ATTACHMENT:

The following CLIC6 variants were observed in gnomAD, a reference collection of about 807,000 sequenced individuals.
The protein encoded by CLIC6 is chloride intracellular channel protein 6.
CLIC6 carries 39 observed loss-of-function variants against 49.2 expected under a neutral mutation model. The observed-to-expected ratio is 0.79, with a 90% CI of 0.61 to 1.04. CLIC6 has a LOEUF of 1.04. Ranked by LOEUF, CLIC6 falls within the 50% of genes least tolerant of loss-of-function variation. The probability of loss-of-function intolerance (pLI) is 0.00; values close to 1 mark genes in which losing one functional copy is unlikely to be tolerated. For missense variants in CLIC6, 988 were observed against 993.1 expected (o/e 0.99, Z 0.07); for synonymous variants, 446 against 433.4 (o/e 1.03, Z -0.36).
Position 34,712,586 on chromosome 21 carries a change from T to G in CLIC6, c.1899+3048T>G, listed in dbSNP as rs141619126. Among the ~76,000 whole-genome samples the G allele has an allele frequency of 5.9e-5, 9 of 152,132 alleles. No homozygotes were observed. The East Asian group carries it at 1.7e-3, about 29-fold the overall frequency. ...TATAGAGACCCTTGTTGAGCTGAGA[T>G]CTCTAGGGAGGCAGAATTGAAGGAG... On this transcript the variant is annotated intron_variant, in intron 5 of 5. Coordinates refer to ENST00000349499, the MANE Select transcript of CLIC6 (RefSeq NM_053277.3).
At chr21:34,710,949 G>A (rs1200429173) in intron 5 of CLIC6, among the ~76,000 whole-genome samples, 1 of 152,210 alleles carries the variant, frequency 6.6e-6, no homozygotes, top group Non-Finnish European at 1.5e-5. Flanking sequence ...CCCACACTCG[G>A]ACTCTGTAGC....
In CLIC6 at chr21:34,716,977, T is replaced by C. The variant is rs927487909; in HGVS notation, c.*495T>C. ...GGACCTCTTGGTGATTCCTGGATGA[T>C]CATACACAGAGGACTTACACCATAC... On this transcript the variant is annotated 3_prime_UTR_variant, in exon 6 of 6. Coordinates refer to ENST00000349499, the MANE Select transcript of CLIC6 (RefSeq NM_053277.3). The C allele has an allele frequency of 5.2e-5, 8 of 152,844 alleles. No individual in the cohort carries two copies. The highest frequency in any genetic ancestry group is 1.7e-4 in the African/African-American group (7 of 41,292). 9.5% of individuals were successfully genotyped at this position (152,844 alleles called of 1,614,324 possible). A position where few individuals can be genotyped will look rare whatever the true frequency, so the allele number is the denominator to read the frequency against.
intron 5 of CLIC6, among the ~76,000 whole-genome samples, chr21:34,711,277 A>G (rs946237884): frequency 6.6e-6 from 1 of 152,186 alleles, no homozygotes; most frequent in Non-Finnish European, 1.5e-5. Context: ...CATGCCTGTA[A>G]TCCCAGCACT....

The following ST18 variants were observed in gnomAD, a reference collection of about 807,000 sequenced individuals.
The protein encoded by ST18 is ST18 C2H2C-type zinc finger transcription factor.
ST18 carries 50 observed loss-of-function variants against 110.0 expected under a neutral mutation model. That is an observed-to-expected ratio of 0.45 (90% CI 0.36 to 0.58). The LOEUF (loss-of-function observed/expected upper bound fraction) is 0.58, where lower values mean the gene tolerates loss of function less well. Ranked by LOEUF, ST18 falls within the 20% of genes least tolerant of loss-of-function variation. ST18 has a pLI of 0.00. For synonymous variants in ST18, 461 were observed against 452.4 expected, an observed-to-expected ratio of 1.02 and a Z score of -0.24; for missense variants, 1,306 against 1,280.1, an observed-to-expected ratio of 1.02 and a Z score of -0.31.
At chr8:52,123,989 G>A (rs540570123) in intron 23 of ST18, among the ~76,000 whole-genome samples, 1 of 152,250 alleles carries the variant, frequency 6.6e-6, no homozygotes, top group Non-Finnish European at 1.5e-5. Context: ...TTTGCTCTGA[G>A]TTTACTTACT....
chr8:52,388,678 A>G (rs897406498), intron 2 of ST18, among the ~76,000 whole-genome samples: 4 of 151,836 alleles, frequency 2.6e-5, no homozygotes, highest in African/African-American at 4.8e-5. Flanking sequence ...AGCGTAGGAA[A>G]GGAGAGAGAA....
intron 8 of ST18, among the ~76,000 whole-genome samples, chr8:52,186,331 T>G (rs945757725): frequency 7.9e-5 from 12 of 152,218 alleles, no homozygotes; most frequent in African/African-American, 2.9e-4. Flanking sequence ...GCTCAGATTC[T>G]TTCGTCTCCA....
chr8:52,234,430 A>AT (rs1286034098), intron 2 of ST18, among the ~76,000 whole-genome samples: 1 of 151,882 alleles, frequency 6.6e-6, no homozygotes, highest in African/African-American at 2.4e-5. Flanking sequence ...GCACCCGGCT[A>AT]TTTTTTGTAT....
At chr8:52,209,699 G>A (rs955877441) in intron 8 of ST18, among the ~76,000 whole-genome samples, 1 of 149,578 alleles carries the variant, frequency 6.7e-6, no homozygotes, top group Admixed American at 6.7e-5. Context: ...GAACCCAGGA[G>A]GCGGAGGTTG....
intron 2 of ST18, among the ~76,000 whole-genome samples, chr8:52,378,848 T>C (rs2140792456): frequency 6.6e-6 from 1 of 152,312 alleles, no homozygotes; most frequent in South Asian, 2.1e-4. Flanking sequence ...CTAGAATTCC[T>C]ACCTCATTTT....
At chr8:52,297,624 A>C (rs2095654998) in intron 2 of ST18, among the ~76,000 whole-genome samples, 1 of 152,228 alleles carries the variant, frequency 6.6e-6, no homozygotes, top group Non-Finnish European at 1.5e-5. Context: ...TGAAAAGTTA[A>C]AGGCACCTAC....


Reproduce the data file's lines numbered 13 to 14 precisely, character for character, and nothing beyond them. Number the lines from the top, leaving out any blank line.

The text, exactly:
intron 8 of ST18, among the ~76,000 whole-genome samples, chr8:52,186,331 T>G (rs945757725): frequency 7.9e-5 from 12 of 152,218 alleles, no homozygotes; most frequent in African/African-American, 2.9e-4. Flanking sequence ...GCTCAGATTC[T>G]TTCGTCTCCA....
chr8:52,234,430 A>AT (rs1286034098), intron 2 of ST18, among the ~76,000 whole-genome samples: 1 of 151,882 alleles, frequency 6.6e-6, no homozygotes, highest in African/African-American at 2.4e-5. Flanking sequence ...GCACCCGGCT[A>AT]TTTTTTGTAT....